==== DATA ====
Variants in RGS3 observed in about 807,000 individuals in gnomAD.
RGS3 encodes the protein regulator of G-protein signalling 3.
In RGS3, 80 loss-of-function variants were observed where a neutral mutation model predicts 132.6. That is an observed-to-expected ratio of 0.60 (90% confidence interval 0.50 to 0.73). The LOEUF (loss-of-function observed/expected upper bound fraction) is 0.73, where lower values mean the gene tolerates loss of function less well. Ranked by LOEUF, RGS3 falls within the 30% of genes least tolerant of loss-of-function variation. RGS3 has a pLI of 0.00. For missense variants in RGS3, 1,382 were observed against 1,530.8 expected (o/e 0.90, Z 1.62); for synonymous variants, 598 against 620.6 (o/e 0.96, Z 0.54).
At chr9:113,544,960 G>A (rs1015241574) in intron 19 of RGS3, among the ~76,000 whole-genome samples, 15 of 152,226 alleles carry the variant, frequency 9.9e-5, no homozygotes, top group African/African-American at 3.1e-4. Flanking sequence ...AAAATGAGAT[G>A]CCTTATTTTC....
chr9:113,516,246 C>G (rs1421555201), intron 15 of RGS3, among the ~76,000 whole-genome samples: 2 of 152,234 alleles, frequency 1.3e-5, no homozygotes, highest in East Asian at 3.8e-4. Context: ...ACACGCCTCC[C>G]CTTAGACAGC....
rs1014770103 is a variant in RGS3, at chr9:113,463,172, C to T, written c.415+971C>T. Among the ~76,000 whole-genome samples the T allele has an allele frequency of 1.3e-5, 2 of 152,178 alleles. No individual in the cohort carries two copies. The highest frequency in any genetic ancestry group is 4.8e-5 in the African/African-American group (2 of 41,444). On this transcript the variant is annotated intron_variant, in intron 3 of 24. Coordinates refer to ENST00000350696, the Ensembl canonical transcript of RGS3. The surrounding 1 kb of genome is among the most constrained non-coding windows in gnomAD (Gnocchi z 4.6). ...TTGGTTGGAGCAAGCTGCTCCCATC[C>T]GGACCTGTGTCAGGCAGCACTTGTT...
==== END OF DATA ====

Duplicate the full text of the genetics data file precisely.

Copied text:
Variants in RGS3 observed in about 807,000 individuals in gnomAD.
RGS3 encodes the protein regulator of G-protein signalling 3.
In RGS3, 80 loss-of-function variants were observed where a neutral mutation model predicts 132.6. That is an observed-to-expected ratio of 0.60 (90% confidence interval 0.50 to 0.73). The LOEUF (loss-of-function observed/expected upper bound fraction) is 0.73, where lower values mean the gene tolerates loss of function less well. Ranked by LOEUF, RGS3 falls within the 30% of genes least tolerant of loss-of-function variation. RGS3 has a pLI of 0.00. For missense variants in RGS3, 1,382 were observed against 1,530.8 expected (o/e 0.90, Z 1.62); for synonymous variants, 598 against 620.6 (o/e 0.96, Z 0.54).
At chr9:113,544,960 G>A (rs1015241574) in intron 19 of RGS3, among the ~76,000 whole-genome samples, 15 of 152,226 alleles carry the variant, frequency 9.9e-5, no homozygotes, top group African/African-American at 3.1e-4. Flanking sequence ...AAAATGAGAT[G>A]CCTTATTTTC....
chr9:113,516,246 C>G (rs1421555201), intron 15 of RGS3, among the ~76,000 whole-genome samples: 2 of 152,234 alleles, frequency 1.3e-5, no homozygotes, highest in East Asian at 3.8e-4. Context: ...ACACGCCTCC[C>G]CTTAGACAGC....
rs1014770103 is a variant in RGS3, at chr9:113,463,172, C to T, written c.415+971C>T. Among the ~76,000 whole-genome samples the T allele has an allele frequency of 1.3e-5, 2 of 152,178 alleles. No individual in the cohort carries two copies. The highest frequency in any genetic ancestry group is 4.8e-5 in the African/African-American group (2 of 41,444). On this transcript the variant is annotated intron_variant, in intron 3 of 24. Coordinates refer to ENST00000350696, the Ensembl canonical transcript of RGS3. The surrounding 1 kb of genome is among the most constrained non-coding windows in gnomAD (Gnocchi z 4.6). ...TTGGTTGGAGCAAGCTGCTCCCATC[C>T]GGACCTGTGTCAGGCAGCACTTGTT...